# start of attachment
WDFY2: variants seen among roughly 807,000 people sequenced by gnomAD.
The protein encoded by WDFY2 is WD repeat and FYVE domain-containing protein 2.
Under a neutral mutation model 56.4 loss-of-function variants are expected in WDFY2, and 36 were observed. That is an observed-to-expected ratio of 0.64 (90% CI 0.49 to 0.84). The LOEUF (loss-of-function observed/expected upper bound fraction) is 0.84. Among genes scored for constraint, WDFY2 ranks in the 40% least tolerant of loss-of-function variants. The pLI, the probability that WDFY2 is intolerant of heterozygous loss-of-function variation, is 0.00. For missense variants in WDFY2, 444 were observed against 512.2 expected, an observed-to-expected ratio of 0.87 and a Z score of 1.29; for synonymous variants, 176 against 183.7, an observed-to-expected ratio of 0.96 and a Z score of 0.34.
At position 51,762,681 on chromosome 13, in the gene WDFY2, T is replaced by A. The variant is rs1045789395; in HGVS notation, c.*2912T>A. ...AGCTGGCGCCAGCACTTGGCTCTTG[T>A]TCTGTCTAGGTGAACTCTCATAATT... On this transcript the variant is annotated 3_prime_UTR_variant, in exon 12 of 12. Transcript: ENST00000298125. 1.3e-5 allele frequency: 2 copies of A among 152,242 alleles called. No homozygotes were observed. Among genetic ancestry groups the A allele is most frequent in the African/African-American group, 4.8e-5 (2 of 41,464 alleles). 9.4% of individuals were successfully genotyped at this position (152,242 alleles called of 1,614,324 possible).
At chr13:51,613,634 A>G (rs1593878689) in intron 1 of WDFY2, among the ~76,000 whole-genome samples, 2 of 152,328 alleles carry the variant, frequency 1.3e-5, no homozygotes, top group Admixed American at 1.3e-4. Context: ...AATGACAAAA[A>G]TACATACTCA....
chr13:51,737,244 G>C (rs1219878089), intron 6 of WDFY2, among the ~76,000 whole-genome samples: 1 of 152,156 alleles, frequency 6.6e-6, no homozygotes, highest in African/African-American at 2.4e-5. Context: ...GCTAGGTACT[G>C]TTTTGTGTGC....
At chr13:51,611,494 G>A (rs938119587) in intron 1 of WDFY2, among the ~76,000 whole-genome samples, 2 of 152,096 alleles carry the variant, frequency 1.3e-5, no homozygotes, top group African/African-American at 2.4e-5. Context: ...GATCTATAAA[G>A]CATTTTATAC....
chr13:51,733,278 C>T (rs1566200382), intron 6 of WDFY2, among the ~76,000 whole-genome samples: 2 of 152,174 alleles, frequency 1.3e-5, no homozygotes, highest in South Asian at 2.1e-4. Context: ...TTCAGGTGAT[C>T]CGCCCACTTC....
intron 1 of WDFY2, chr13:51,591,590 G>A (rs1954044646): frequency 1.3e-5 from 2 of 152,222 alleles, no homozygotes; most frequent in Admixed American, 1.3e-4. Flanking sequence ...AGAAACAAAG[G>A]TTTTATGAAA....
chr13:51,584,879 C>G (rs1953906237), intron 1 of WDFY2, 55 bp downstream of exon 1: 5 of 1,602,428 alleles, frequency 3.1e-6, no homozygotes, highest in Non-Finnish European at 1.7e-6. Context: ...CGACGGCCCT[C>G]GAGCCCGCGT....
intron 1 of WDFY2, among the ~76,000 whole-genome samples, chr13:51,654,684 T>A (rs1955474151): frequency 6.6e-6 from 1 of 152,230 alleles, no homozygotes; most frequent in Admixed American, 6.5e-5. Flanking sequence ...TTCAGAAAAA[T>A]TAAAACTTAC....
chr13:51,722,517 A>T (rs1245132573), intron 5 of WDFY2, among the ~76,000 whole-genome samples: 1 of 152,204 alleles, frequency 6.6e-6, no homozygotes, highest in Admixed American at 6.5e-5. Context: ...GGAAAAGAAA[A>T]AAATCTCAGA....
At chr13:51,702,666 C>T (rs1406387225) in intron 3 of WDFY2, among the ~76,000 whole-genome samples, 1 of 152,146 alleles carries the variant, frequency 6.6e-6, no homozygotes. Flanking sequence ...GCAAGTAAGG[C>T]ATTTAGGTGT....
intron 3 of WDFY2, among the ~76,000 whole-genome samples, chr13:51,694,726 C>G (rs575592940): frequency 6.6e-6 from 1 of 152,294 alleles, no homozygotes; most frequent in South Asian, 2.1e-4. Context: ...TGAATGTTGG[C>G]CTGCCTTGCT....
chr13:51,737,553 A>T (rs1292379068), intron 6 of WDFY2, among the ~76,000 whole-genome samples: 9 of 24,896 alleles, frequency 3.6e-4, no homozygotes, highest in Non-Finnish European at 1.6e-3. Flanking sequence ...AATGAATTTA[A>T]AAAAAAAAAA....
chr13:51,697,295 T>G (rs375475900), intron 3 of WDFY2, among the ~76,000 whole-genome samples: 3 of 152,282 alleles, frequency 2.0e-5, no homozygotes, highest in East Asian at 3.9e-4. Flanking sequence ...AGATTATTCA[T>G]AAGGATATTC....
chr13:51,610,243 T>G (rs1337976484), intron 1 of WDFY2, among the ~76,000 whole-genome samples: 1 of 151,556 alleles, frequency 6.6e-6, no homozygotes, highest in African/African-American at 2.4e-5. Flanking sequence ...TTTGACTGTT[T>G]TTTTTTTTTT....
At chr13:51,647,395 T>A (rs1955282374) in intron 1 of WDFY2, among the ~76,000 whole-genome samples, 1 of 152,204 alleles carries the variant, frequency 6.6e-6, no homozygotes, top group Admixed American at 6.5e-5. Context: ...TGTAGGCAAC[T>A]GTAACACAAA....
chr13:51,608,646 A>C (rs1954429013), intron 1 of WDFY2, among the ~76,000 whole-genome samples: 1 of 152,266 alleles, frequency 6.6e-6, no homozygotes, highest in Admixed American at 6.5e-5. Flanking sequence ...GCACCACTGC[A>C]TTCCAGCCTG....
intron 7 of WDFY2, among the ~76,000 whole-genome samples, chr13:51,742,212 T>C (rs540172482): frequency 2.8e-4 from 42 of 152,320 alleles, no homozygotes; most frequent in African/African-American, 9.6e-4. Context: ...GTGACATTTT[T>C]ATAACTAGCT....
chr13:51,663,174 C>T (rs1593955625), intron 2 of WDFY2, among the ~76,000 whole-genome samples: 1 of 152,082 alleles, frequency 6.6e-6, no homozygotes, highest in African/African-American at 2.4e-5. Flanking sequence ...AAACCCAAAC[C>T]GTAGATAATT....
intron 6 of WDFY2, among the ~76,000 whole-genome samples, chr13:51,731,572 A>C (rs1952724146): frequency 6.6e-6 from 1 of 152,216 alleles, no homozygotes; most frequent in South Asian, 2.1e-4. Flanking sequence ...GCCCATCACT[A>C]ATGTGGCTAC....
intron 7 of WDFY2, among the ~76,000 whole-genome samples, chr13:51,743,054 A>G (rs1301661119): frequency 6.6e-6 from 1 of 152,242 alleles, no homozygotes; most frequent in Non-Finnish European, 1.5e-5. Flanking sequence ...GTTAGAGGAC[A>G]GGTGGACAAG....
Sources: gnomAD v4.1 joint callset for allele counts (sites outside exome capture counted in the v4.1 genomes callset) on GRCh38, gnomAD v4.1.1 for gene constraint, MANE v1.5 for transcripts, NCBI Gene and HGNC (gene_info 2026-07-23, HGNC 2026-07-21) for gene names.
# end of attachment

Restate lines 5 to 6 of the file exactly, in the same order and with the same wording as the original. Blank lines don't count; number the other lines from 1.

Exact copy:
At chr13:51,613,634 A>G (rs1593878689) in intron 1 of WDFY2, among the ~76,000 whole-genome samples, 2 of 152,328 alleles carry the variant, frequency 1.3e-5, no homozygotes, top group Admixed American at 1.3e-4. Context: ...AATGACAAAA[A>G]TACATACTCA....
chr13:51,737,244 G>C (rs1219878089), intron 6 of WDFY2, among the ~76,000 whole-genome samples: 1 of 152,156 alleles, frequency 6.6e-6, no homozygotes, highest in African/African-American at 2.4e-5. Context: ...GCTAGGTACT[G>C]TTTTGTGTGC....